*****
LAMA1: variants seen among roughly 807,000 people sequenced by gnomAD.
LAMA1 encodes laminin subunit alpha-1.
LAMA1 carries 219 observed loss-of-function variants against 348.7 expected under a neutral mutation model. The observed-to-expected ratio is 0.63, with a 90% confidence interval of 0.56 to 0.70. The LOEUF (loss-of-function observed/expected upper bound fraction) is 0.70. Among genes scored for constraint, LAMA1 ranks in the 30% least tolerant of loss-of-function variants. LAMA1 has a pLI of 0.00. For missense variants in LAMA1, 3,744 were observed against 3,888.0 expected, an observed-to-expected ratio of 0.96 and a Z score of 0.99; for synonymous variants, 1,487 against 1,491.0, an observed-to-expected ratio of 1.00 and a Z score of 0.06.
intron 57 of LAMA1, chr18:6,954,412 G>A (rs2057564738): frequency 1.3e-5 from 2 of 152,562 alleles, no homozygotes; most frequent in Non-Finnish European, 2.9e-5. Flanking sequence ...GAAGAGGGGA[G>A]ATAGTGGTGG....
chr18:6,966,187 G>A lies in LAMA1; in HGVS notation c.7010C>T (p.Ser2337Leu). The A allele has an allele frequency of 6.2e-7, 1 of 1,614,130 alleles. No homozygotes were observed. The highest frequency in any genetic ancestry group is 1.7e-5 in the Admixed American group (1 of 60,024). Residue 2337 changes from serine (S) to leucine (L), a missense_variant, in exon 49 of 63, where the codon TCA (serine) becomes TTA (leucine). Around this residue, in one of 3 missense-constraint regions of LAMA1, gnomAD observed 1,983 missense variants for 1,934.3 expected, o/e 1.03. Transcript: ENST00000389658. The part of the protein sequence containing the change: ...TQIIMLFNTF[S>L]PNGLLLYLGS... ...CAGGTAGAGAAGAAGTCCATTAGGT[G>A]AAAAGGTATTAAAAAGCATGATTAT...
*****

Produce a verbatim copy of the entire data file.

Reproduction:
LAMA1: variants seen among roughly 807,000 people sequenced by gnomAD.
LAMA1 encodes laminin subunit alpha-1.
LAMA1 carries 219 observed loss-of-function variants against 348.7 expected under a neutral mutation model. The observed-to-expected ratio is 0.63, with a 90% confidence interval of 0.56 to 0.70. The LOEUF (loss-of-function observed/expected upper bound fraction) is 0.70. Among genes scored for constraint, LAMA1 ranks in the 30% least tolerant of loss-of-function variants. LAMA1 has a pLI of 0.00. For missense variants in LAMA1, 3,744 were observed against 3,888.0 expected, an observed-to-expected ratio of 0.96 and a Z score of 0.99; for synonymous variants, 1,487 against 1,491.0, an observed-to-expected ratio of 1.00 and a Z score of 0.06.
intron 57 of LAMA1, chr18:6,954,412 G>A (rs2057564738): frequency 1.3e-5 from 2 of 152,562 alleles, no homozygotes; most frequent in Non-Finnish European, 2.9e-5. Flanking sequence ...GAAGAGGGGA[G>A]ATAGTGGTGG....
chr18:6,966,187 G>A lies in LAMA1; in HGVS notation c.7010C>T (p.Ser2337Leu). The A allele has an allele frequency of 6.2e-7, 1 of 1,614,130 alleles. No homozygotes were observed. The highest frequency in any genetic ancestry group is 1.7e-5 in the Admixed American group (1 of 60,024). Residue 2337 changes from serine (S) to leucine (L), a missense_variant, in exon 49 of 63, where the codon TCA (serine) becomes TTA (leucine). Around this residue, in one of 3 missense-constraint regions of LAMA1, gnomAD observed 1,983 missense variants for 1,934.3 expected, o/e 1.03. Transcript: ENST00000389658. The part of the protein sequence containing the change: ...TQIIMLFNTF[S>L]PNGLLLYLGS... ...CAGGTAGAGAAGAAGTCCATTAGGT[G>A]AAAAGGTATTAAAAAGCATGATTAT...